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Elsa's metaphorical queerness will remain metaphorical in Frozen II
Back in September, I was invited, alongside other journalists, to visit behind the scenes of Disney Animation and get a sneak peek at some of the things we'd see in the upcoming Frozen II.
We got to meet some of the new characters that are debuting in the highly anticipated sequel, and learn about the way the characters have changed. We even got to see two musical numbers in their entirety. But something we also learned very early on in the day, after a very strategic question asked during the first Q&A segment, is that while Anna's relationship with Kristoff will continue to feature in the plot, Elsa will again have no romantic story — that her story will be too epic in scale, too inwardly focused, for there to be room for a love interest in the narrative.
To say that I'm feeling conflicted about this is an understatement. On one hand, I adore Disney's recent trend of stories that are not ultimately driven by falling in love. It's a lesson that the younger audiences of these movies really deserve to keep hearing. I love that Elsa has such a vibrant and realized inner life that it takes up too much script real estate to make room for a romantic partner, of any gender. But it also confirms something that really should come as no surprise — that no matter how hard a very vocal part of queer lady internet may have wished for it (and tweeted about it), of course, one of the leads of Disney's current biggest animated franchise is not going to be a canonical lesbian.
I know all the arguments of why this was never likely to happen. I know the points raised about how blockbuster movies need to sell in foreign markets that won't accept LGBTQ+ content. Likewise, I lived through the outrage at the "exclusively gay moment" in the live-action Beauty and the Beast adaptation which ultimately amounted to little more than some raised eyebrows and knowing looks. But foolishly I came out of that situation feeling like, ultimately, the furor had little impact on the film's bottom line, that the subject faded quickly, and criticism of that movie landed more on things like the use of autotune. Surely, I convinced myself, this can mean good things for Frozen. If there's any franchise that feels like it's big enough to weather the storm of backlash to a lead character being gay, it's Frozen. Right? Wrong.
What bothers me most about Elsa's lack of queerness is the sheer inevitability of it. The fact that no matter how many so-called inside scoops, hopeful tweets, and even comments from the creators themselves I saw on the subject, I knew that this would be where we ended up. The truth is that I'm not even mad at Disney. I'm mad at myself for having even entertained the glimmer of hope. For having indulged the voice in my head that whispered: "But maybe?" What I hate is that feeling in the pit of my stomach that knows just how awful the backlash would have been. What I resent is that little bit of me that is actually relieved I won't be seeing that ugliness and hatred rip apart a character that matters so much to me.
I never had a Disney Princess that was mine until Elsa. When the concept of princesses as a marketing strategy first served up the proto-Sorting Hat concept of self-identifying as an Ariel, Jasmine, or Bell, I grew up resting comfortably in the camp of the villains having the better songs anyway. But "Let It Go" changed that for me.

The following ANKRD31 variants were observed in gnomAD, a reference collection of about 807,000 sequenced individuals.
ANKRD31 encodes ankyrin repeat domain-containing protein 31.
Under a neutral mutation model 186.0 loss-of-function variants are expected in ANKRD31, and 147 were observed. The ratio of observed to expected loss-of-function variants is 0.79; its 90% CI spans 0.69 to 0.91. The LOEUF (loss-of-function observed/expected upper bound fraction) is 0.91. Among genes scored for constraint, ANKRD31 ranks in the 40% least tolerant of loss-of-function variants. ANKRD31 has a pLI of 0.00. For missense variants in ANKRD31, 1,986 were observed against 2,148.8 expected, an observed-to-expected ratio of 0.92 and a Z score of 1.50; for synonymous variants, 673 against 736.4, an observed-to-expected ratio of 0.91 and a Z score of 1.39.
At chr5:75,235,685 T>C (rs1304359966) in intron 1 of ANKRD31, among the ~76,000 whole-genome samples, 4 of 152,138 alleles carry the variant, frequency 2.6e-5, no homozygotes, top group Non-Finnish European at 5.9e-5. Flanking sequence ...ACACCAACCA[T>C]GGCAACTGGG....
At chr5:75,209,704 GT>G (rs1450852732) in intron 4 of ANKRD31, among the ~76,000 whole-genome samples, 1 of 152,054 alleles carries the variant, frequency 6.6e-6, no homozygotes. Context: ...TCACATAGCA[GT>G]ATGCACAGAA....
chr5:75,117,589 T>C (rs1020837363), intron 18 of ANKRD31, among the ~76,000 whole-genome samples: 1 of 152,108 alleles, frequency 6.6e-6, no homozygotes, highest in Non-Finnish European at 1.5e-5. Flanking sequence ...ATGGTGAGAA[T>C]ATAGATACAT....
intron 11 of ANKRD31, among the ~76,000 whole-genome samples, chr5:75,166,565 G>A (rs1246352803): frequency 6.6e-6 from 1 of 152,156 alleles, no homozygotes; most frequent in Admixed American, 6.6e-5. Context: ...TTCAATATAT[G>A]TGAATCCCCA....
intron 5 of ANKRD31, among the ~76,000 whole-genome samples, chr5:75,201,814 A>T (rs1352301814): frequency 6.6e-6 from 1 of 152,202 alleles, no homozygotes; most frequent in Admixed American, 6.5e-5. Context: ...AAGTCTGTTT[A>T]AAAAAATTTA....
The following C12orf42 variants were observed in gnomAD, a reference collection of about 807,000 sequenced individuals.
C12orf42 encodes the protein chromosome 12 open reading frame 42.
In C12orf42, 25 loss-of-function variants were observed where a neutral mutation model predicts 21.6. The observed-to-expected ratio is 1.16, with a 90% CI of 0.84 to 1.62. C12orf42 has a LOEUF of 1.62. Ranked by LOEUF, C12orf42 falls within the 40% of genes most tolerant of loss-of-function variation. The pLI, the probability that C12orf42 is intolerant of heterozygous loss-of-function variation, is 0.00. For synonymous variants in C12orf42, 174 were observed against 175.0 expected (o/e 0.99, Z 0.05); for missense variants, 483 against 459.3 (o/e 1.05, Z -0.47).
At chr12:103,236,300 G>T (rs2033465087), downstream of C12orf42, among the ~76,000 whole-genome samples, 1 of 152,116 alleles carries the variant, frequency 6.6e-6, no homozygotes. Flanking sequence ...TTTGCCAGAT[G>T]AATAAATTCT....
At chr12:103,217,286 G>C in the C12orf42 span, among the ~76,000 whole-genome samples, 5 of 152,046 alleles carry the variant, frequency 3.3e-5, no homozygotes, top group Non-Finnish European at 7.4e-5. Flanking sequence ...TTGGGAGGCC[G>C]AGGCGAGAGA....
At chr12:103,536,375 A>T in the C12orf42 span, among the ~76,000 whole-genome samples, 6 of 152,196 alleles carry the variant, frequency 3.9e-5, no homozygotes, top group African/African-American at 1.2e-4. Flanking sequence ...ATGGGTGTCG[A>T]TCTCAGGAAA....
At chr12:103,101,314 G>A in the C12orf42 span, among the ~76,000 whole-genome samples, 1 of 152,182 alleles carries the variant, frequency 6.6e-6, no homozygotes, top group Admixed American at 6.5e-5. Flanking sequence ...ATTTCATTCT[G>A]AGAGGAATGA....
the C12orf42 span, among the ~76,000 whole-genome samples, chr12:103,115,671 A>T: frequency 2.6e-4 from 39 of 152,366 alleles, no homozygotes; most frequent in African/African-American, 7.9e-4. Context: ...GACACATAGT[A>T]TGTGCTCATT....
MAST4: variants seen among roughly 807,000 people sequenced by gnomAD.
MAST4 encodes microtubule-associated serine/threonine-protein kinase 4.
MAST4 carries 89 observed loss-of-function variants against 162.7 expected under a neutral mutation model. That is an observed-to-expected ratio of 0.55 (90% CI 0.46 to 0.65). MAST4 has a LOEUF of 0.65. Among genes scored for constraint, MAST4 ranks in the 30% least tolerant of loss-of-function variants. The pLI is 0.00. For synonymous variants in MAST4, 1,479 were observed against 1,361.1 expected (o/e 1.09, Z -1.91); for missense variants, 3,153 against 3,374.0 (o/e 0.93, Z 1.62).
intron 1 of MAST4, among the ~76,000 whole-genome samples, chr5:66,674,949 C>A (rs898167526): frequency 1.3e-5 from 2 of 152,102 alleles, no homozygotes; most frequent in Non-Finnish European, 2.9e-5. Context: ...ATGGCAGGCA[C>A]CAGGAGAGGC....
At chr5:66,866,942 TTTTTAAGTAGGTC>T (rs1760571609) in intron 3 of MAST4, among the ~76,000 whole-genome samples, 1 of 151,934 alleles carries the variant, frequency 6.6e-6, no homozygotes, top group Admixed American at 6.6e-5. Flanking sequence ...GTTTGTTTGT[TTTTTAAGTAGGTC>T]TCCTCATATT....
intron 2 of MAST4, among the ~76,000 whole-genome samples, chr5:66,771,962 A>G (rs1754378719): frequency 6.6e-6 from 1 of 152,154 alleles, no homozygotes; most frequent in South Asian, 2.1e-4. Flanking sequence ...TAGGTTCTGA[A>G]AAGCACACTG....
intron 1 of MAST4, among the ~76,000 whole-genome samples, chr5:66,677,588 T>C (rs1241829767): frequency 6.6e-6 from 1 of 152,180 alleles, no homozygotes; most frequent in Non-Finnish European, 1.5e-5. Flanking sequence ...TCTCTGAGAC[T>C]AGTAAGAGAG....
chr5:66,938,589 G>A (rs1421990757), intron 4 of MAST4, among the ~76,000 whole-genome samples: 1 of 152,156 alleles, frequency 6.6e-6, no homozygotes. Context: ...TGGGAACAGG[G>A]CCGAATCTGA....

I saw Frozen on a plane years after having last sat down to watch a non-Pixar animated movie from Disney, mostly out of mild curiosity about what the fuss was all about. I never expected that within it I would find a song that so intensely spoke to the experiences of being closeted and coming out. That suddenly, as a woman in her 30s, I would have a Disney Princess, nay, a Queen, of her own the way I do in Elsa. And I felt like if she could matter so much to me, imagine how much more she could matter to a younger version of me, the same kind of kid who always saw herself relating more to the villains because none of the heroes spoke in her voice.
That was why it was so easy to believe that Elsa could actually be a lesbian in a Frozen movie, because it feels so organic to the character that certainly it would be an incredibly easy sell. The naivete that I felt was in the projection of, of course, Elsa will be a lesbian in Frozen II because Elsa already is a lesbian. I fell into the inadvertent trap of having too intense a headcanon: convincing yourself that it's actual canon. Ultimately the positive takeaway is that by continuing to not give Elsa a love interest, the filmmakers have at least shown a nod to those of us who care so much about this topic. They haven't made Elsa explicitly queer, but they also aren't making her explicitly straight.
I kept coming back to that idea of Frozen being the franchise that was so big it could weather the storm. But the truth is paradoxically the opposite. Frozen is so big that it symbolizes far too much to lose. I do believe that we are on the precipice of an era where LGBTQ+ characters will become more and more common in family-friendly animated works, when isolated queer kids may actually be able to see themselves at last. It's happening already. From Steven Universe to Rocko's Modern Life to the short film In a Heartbeat, the road is being paved. But perhaps it was hoping too much for something so groundbreaking from a franchise that is literally breaking ground on expensive theme park attractions modeled after its fictional setting.
The views and opinions expressed in this article are the author's, and do not necessarily reflect those of SYFY WIRE, SYFY, or NBCUniversal.